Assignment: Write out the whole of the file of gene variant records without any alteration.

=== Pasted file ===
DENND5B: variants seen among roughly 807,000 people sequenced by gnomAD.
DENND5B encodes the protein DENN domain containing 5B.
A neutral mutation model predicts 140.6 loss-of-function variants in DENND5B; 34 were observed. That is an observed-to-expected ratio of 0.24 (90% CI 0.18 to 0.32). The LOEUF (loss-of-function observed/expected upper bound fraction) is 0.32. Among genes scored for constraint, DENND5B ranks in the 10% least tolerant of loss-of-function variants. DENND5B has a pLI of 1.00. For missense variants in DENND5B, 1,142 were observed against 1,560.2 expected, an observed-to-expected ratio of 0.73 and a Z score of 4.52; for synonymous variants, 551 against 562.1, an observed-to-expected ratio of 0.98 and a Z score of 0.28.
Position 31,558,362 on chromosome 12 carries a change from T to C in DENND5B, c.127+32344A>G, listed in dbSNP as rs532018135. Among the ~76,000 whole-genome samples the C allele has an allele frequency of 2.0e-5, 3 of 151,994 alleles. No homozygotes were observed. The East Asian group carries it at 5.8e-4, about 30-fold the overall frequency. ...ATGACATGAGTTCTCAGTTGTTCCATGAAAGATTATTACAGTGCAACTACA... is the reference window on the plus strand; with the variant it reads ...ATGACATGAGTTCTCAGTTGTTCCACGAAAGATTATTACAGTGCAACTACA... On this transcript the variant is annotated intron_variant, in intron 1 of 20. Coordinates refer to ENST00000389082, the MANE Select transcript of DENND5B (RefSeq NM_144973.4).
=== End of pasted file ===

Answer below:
DENND5B: variants seen among roughly 807,000 people sequenced by gnomAD.
DENND5B encodes the protein DENN domain containing 5B.
A neutral mutation model predicts 140.6 loss-of-function variants in DENND5B; 34 were observed. That is an observed-to-expected ratio of 0.24 (90% CI 0.18 to 0.32). The LOEUF (loss-of-function observed/expected upper bound fraction) is 0.32. Among genes scored for constraint, DENND5B ranks in the 10% least tolerant of loss-of-function variants. DENND5B has a pLI of 1.00. For missense variants in DENND5B, 1,142 were observed against 1,560.2 expected, an observed-to-expected ratio of 0.73 and a Z score of 4.52; for synonymous variants, 551 against 562.1, an observed-to-expected ratio of 0.98 and a Z score of 0.28.
Position 31,558,362 on chromosome 12 carries a change from T to C in DENND5B, c.127+32344A>G, listed in dbSNP as rs532018135. Among the ~76,000 whole-genome samples the C allele has an allele frequency of 2.0e-5, 3 of 151,994 alleles. No homozygotes were observed. The East Asian group carries it at 5.8e-4, about 30-fold the overall frequency. ...ATGACATGAGTTCTCAGTTGTTCCATGAAAGATTATTACAGTGCAACTACA... is the reference window on the plus strand; with the variant it reads ...ATGACATGAGTTCTCAGTTGTTCCACGAAAGATTATTACAGTGCAACTACA... On this transcript the variant is annotated intron_variant, in intron 1 of 20. Coordinates refer to ENST00000389082, the MANE Select transcript of DENND5B (RefSeq NM_144973.4).